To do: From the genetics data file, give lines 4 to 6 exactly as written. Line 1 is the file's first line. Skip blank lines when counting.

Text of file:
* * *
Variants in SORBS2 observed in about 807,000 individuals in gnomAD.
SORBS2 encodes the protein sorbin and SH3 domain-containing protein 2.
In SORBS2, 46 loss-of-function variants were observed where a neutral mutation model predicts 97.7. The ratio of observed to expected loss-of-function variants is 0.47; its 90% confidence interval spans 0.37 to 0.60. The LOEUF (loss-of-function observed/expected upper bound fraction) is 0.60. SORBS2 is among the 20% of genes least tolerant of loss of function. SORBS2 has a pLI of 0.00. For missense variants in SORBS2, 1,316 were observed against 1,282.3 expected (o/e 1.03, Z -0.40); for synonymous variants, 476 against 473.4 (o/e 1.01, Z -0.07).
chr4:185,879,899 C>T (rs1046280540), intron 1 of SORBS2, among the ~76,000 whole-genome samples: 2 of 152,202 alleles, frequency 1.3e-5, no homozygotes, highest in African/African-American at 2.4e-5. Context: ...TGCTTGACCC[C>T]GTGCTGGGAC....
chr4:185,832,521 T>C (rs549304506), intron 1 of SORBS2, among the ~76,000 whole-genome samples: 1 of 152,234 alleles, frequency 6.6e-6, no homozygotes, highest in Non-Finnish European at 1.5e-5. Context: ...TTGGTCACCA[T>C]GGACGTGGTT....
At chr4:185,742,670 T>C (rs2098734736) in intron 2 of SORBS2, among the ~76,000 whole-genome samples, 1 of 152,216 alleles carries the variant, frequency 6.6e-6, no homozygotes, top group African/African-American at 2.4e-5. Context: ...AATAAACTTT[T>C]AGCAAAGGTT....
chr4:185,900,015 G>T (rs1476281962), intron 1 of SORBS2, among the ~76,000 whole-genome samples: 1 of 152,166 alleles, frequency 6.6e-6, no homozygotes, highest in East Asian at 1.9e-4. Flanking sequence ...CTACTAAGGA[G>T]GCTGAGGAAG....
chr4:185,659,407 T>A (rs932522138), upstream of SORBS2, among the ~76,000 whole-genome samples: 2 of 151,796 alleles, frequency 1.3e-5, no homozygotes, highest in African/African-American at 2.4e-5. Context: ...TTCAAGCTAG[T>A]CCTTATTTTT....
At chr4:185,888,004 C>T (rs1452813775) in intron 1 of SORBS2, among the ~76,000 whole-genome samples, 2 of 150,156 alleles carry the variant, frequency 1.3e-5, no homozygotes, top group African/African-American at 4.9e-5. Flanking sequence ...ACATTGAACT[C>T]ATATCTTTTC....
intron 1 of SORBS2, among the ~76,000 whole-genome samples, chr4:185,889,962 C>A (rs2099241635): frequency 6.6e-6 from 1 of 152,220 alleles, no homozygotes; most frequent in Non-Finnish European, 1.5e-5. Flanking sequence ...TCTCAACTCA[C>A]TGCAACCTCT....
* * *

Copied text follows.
chr4:185,879,899 C>T (rs1046280540), intron 1 of SORBS2, among the ~76,000 whole-genome samples: 2 of 152,202 alleles, frequency 1.3e-5, no homozygotes, highest in African/African-American at 2.4e-5. Context: ...TGCTTGACCC[C>T]GTGCTGGGAC....
chr4:185,832,521 T>C (rs549304506), intron 1 of SORBS2, among the ~76,000 whole-genome samples: 1 of 152,234 alleles, frequency 6.6e-6, no homozygotes, highest in Non-Finnish European at 1.5e-5. Context: ...TTGGTCACCA[T>C]GGACGTGGTT....
At chr4:185,742,670 T>C (rs2098734736) in intron 2 of SORBS2, among the ~76,000 whole-genome samples, 1 of 152,216 alleles carries the variant, frequency 6.6e-6, no homozygotes, top group African/African-American at 2.4e-5. Context: ...AATAAACTTT[T>C]AGCAAAGGTT....